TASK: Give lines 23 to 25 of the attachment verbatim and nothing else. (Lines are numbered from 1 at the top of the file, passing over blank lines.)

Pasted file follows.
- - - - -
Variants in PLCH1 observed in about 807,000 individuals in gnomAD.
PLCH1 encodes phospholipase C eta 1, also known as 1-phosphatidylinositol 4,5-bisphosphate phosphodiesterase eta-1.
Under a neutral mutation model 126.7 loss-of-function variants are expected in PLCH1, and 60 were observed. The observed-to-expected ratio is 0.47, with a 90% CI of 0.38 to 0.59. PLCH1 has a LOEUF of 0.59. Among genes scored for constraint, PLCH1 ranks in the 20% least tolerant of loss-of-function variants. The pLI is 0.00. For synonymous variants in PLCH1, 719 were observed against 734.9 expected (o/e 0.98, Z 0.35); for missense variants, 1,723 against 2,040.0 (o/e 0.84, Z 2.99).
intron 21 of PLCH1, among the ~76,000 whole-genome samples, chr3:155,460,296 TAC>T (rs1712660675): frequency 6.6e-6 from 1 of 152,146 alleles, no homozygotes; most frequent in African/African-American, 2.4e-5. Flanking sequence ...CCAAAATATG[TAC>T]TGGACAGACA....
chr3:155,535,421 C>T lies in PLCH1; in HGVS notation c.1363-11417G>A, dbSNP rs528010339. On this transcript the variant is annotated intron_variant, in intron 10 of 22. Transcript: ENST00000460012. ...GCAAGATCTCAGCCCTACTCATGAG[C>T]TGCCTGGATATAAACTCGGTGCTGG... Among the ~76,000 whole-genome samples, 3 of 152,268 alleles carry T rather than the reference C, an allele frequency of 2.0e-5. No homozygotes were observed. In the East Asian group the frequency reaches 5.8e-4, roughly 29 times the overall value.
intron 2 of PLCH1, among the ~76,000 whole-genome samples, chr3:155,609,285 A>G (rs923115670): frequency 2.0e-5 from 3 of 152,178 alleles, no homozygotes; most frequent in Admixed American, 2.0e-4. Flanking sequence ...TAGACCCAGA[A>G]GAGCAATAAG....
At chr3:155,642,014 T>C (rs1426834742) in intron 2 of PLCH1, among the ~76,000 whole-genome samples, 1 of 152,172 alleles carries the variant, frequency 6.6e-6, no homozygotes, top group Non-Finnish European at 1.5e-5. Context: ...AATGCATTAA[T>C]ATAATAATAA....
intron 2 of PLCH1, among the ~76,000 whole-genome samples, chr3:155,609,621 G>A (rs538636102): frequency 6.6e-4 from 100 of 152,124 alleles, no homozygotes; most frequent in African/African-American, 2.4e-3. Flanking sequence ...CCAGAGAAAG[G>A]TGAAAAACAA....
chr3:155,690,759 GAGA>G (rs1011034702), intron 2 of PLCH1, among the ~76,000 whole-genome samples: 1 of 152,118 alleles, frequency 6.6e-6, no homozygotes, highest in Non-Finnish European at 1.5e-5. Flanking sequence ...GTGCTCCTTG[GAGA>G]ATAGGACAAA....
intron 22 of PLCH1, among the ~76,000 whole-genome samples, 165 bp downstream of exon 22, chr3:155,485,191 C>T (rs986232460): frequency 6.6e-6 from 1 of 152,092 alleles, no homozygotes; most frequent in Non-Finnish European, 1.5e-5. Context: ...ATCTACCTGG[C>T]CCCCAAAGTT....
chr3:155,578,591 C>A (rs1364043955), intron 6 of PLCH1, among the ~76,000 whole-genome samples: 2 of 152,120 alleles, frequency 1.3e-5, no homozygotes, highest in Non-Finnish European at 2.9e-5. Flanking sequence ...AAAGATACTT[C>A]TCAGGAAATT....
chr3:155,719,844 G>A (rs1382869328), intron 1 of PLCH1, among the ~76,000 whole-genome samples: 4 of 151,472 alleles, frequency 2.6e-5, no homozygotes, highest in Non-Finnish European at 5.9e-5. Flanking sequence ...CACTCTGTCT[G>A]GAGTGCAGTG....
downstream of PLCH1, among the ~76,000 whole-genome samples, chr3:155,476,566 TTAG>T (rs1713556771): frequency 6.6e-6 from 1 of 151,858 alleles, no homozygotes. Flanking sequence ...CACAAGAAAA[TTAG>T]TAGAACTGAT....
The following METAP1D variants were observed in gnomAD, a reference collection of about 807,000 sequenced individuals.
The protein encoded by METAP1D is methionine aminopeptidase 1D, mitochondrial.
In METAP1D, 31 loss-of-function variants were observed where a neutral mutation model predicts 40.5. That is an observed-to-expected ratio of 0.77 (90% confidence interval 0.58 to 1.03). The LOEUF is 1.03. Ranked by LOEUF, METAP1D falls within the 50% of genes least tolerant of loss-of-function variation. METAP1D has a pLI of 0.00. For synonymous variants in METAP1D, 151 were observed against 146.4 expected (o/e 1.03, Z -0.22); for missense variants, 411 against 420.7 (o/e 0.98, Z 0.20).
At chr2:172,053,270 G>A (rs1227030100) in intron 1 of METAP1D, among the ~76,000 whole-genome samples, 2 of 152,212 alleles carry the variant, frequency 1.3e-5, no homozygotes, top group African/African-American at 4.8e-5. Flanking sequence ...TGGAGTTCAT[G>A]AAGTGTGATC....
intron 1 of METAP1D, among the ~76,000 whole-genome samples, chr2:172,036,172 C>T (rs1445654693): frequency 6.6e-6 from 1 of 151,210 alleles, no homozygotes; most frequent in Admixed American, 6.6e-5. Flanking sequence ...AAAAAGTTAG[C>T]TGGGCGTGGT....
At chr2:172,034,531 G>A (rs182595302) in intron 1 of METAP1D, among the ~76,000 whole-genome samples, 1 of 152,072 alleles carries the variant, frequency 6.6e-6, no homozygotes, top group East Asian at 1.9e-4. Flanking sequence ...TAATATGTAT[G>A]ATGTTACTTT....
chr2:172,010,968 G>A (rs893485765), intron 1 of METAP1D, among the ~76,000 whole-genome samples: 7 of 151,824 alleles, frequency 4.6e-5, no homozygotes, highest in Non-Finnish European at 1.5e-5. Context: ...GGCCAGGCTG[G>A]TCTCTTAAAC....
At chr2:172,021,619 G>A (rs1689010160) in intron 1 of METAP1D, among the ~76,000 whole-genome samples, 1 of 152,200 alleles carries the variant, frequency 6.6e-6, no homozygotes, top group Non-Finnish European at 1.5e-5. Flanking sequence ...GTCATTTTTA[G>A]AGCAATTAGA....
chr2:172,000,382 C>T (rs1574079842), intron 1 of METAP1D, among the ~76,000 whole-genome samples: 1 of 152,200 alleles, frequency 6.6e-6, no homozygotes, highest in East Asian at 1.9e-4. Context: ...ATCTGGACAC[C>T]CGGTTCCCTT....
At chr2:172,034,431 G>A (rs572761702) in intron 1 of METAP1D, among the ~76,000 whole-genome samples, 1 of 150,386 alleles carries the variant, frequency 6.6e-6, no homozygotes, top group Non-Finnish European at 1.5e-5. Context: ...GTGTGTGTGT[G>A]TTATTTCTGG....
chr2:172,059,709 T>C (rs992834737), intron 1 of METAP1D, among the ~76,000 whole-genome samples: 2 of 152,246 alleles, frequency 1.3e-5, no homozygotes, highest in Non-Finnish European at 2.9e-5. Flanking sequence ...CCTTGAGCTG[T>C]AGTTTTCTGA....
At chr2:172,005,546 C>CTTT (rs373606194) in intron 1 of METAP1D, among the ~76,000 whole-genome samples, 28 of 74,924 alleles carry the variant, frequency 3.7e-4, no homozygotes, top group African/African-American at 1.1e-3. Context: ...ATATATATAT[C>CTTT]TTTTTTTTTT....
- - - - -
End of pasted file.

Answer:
At chr2:172,034,431 G>A (rs572761702) in intron 1 of METAP1D, among the ~76,000 whole-genome samples, 1 of 150,386 alleles carries the variant, frequency 6.6e-6, no homozygotes, top group Non-Finnish European at 1.5e-5. Context: ...GTGTGTGTGT[G>A]TTATTTCTGG....
chr2:172,059,709 T>C (rs992834737), intron 1 of METAP1D, among the ~76,000 whole-genome samples: 2 of 152,246 alleles, frequency 1.3e-5, no homozygotes, highest in Non-Finnish European at 2.9e-5. Flanking sequence ...CCTTGAGCTG[T>C]AGTTTTCTGA....
At chr2:172,005,546 C>CTTT (rs373606194) in intron 1 of METAP1D, among the ~76,000 whole-genome samples, 28 of 74,924 alleles carry the variant, frequency 3.7e-4, no homozygotes, top group African/African-American at 1.1e-3. Context: ...ATATATATAT[C>CTTT]TTTTTTTTTT....